Dotun is the first son of the late Ibadan-born celebrated historian, Adekunle Ojelabi, who wrote the popular West African History textbook. He is into oil and gas, aviation, real estate, among others. He shares life experiences with SEGUN KASALI.
YOU were born into a prominent family
I was privileged to be the first son of late Adekunle Ojelabi, an illustrious Ibadan man, friend to Professor Banji Akintoye and media guru, Chief Areoye Oyebola. He was a notable historian and politician and the writer of the popular textbook, West African History, first published in 1970. Note that the book was the official approved WAEC textbook for history. Also, my late mum was an erudite French teacher at the Ibadan Grammar School. My parents had a good name. They had good reputation in the society. So, they told me their expectations as the first son.
What were the expectations?
They were constantly telling me or demanding that their legacy must be preserved. I learnt the strength of character. I learnt the value of education. I learnt that great leaders are great readers. Because my late dad was a hardworking researcher and prolific writer of many books, I imbibed research and I have managed to write two books: The Eagle Personality, and The Eagle Manifesto. I learnt that the first law of integrity is respect for time. My dad and mum didn’t believe in African time. So, till today, I don’t go late for events. It has become a part of me.
You learnt through discipline, presumably with cane?
Yes. My parents were strict disciplinarians. I was not pampered at all. So, I don’t have any option other than to commit them to heart. They used cane, but most times, counsel. I can remember at age 14, I took one of my dad’s cars out without permission and burst the sump tank and he discovered. I knew I was in trouble. So I confided in my sisters and they lobbied my mum. I had guilty conscience for weeks. I remember he didn’t beat me. He just counselled me. And I really learnt the lessons.
What were these lessons?
Doing what is right and strictly adhering to guidelines and the need never to be overambitious.
Did these lessons shape your academic performance?
Of course, yes. I was very playful but smart. I had a 2.2 [second class lower] for my bachelor’s degree at the University of Ibadan. However, I went back to the same school and I emerged as the best student in the postgraduate petroleum engineering class of 1998.
When did your dad’s name start opening doors for you?
My boss, Dr Olumide Phillips, executive vice chairman of Texaco Overseas Petroleum Company Unlimited where I worked as a petroleum engineer for 14 years, was giving his daughter out in marriage in the mid 90s. As I entered the engagement party, respectable elite walked up to me and said, ‘young man, who are you? Your face looks familiar’. I said I am Dotun Ojelabi and he said, ‘Dotun, aburo (younger brother to) Nike, son of Adekunle Ojelabi?’ I said ‘yes sir’. He wrapped his arm around me and said ‘your father was a teacher in A-levels in Ibadan Grammar School in 1968. He was a good man. You have constant smile like your dad’. He gave me his complimentary card thereafter and asked me to see him in his office on Monday. The card read ‘Eecutive Vice Chairman, ExxonMobil’. This was one of the 10 most powerful oil and gas executives in Nigeria. He asked me point-blank, ‘do you want to work with me in ExxonMobil?’ I said ‘Texaco is treating me fine sir’. Meeting him turned around my fortune and accelerated my progress.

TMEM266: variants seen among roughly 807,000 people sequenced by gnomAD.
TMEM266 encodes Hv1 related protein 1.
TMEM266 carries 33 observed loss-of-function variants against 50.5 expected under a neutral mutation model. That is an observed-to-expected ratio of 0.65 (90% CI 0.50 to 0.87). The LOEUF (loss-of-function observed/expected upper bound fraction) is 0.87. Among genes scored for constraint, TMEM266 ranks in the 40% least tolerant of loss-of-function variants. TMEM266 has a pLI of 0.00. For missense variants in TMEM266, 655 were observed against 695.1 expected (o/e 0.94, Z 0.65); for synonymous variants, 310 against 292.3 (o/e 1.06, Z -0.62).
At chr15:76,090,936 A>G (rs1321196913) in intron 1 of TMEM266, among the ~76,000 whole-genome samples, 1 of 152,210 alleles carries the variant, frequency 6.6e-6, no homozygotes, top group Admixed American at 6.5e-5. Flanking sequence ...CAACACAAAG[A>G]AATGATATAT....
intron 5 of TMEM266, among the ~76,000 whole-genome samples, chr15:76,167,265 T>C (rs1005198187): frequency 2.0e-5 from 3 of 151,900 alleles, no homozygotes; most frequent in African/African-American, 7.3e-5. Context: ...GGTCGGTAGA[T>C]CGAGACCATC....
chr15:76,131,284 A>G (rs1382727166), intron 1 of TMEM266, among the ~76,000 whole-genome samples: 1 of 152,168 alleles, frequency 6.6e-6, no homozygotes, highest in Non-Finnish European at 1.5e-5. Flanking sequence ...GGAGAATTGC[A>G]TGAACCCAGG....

You must be grateful to your dad for this.
I am sure it was as a result of his good virtues that his name is still a great one. My late dad was very generous and benevolent as a politician. Every Saturday, relatives, friends and party locals would visit and he always had something to give everybody. He gave education scholarship to many young people. This is one area I will love to continue and that is why we established James Adekunle Ojelabi Foundation in April last year at his post-humous birthday lecture. That would have been his 80th anniversary. Shortly before he died, he became born again. I mean born again; he joined a Redeemed Christian Church of God parish, attended all the training and became a Sunday school teacher. His friends could not fully fit his new life. So he was shuttling between Ibadan and Lagos and it was a great time for us to bond again. When we visited my dad’s office – Educational Research Institute and Valuta Publishers at Oke-Ado growing up, Kingsway meatpie and doughnut were regulars and these are still nostaglic years after. So we all loved going to his office.
What are the fond memories of your mum?